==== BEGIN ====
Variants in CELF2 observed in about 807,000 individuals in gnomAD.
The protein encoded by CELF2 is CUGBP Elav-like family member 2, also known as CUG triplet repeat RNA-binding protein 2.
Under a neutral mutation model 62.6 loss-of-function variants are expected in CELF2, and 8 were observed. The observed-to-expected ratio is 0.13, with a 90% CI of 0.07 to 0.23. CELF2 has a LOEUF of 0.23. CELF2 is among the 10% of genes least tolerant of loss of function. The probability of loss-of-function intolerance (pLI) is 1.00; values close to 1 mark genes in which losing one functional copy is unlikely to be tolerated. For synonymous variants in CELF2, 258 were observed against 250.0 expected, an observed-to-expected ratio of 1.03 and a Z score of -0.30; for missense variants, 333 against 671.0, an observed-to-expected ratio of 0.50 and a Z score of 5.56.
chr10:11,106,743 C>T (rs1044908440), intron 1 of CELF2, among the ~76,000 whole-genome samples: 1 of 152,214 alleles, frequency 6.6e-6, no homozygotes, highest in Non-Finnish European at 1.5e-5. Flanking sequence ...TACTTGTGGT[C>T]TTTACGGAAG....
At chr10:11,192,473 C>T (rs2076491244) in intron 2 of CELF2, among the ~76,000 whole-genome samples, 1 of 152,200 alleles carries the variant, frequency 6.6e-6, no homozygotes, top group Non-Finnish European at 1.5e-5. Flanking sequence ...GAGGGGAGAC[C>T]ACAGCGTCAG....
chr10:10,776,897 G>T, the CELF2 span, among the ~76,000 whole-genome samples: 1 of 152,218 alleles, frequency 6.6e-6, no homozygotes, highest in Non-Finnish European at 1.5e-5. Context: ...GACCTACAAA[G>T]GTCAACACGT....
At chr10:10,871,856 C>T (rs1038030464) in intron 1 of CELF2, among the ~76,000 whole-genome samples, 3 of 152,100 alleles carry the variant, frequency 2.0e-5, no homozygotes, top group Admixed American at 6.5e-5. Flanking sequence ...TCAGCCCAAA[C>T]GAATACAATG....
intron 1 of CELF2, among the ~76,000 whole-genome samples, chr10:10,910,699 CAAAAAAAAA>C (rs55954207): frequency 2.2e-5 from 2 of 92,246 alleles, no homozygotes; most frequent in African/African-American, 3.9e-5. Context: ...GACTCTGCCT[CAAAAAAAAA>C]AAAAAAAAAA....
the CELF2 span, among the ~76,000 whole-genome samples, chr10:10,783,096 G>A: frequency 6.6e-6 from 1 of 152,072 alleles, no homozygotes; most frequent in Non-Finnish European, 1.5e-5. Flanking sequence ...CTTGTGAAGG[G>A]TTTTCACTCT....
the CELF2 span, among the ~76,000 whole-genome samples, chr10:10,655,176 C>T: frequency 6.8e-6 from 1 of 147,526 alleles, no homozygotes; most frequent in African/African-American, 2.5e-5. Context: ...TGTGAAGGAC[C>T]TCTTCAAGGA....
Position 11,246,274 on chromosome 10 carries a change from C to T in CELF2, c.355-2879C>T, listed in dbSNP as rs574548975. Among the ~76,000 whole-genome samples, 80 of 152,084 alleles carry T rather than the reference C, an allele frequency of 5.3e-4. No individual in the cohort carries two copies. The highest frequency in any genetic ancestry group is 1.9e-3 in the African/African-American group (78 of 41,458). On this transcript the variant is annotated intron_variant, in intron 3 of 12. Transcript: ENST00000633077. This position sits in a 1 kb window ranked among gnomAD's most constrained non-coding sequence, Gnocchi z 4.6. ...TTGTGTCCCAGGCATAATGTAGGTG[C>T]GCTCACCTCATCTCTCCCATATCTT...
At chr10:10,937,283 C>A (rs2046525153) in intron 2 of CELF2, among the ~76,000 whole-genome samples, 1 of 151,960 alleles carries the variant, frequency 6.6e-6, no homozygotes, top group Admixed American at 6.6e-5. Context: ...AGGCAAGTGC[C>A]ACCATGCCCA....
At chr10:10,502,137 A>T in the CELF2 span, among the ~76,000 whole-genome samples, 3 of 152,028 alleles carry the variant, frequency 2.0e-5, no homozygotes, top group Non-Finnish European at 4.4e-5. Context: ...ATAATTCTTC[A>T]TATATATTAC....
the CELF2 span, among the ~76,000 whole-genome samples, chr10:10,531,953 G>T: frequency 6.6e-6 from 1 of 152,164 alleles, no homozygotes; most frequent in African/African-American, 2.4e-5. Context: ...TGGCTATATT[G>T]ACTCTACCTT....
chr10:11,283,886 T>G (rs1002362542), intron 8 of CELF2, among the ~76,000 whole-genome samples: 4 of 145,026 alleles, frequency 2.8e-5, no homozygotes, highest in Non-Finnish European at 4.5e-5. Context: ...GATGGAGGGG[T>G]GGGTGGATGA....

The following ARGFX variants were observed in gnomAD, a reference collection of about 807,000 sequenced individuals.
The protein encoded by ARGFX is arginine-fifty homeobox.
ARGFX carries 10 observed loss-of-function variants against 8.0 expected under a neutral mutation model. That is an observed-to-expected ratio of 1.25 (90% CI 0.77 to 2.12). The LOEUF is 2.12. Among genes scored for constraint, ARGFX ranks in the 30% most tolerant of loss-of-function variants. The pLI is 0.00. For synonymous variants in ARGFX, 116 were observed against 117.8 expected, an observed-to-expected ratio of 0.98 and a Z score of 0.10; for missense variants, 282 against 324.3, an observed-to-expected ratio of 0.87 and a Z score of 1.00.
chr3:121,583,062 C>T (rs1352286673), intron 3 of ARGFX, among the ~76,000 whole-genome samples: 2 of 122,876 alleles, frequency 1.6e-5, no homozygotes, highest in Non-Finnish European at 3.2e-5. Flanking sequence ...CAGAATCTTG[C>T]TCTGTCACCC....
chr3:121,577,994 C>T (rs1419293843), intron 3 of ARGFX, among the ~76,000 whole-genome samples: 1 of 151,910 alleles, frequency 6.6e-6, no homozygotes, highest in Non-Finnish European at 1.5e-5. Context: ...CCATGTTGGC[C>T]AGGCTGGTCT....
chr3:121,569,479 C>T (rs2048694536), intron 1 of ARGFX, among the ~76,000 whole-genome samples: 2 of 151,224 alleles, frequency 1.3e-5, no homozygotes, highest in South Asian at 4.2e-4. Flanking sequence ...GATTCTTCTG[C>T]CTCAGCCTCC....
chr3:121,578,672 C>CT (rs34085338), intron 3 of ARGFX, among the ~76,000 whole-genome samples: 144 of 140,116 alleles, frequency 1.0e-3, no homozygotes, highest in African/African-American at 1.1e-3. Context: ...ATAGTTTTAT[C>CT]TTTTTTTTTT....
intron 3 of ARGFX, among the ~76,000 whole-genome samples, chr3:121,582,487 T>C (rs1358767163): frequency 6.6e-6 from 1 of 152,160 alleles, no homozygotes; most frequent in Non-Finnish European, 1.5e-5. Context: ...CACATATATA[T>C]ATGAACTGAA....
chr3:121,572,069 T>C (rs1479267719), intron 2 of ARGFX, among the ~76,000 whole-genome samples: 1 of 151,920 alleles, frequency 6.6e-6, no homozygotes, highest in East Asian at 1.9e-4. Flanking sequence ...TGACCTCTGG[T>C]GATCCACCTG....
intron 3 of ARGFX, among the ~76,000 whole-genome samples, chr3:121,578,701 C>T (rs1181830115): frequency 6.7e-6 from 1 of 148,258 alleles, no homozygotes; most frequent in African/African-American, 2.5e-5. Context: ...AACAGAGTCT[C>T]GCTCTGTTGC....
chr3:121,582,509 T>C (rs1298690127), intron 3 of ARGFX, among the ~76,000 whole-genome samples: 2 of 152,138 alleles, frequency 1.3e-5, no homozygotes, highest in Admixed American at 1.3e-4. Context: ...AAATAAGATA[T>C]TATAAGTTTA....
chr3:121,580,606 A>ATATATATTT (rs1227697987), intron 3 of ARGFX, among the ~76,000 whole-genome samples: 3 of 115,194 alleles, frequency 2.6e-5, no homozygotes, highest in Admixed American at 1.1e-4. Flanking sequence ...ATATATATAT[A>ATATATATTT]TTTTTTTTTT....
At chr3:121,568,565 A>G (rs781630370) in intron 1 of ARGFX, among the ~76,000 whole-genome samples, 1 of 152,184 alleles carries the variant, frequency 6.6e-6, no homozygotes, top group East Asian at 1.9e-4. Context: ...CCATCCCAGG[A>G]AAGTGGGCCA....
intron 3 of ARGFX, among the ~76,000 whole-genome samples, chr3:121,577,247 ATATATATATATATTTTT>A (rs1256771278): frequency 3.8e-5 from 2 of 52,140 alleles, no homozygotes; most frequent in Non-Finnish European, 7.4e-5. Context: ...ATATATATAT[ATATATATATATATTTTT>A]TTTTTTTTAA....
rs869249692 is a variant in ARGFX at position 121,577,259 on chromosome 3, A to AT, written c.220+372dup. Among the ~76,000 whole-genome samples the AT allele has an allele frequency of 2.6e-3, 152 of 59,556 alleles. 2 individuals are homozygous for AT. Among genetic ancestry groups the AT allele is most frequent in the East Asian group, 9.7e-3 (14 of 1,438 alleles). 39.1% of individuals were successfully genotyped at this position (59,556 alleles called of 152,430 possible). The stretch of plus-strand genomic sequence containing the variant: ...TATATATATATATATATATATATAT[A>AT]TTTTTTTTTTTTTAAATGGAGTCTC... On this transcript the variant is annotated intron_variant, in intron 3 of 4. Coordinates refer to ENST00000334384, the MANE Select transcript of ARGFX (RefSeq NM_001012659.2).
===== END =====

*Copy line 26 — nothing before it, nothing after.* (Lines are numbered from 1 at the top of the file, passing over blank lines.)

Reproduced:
chr3:121,582,509 T>C (rs1298690127), intron 3 of ARGFX, among the ~76,000 whole-genome samples: 2 of 152,138 alleles, frequency 1.3e-5, no homozygotes, highest in Admixed American at 1.3e-4. Context: ...AAATAAGATA[T>C]TATAAGTTTA....